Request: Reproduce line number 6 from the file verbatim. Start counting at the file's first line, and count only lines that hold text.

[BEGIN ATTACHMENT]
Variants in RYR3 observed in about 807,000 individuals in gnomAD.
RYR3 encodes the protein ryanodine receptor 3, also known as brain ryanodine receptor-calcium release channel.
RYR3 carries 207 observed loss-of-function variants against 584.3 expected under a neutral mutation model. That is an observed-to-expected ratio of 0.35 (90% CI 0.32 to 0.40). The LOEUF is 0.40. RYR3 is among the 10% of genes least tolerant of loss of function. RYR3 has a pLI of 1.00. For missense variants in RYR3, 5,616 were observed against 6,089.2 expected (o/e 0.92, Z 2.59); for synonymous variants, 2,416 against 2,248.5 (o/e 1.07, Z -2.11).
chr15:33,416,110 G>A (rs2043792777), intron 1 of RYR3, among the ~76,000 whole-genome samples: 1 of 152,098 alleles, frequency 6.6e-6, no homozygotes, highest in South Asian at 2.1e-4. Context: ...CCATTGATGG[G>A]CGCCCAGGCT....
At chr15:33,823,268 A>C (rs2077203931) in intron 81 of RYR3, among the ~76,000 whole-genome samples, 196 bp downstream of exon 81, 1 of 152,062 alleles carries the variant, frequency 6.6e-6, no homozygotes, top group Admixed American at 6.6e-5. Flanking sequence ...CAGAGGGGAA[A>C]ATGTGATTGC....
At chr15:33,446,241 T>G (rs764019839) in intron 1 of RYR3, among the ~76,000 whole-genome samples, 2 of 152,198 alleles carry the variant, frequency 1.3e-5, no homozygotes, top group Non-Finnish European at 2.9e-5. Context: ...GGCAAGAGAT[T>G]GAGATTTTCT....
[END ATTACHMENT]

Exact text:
At chr15:33,446,241 T>G (rs764019839) in intron 1 of RYR3, among the ~76,000 whole-genome samples, 2 of 152,198 alleles carry the variant, frequency 1.3e-5, no homozygotes, top group Non-Finnish European at 2.9e-5. Context: ...GGCAAGAGAT[T>G]GAGATTTTCT....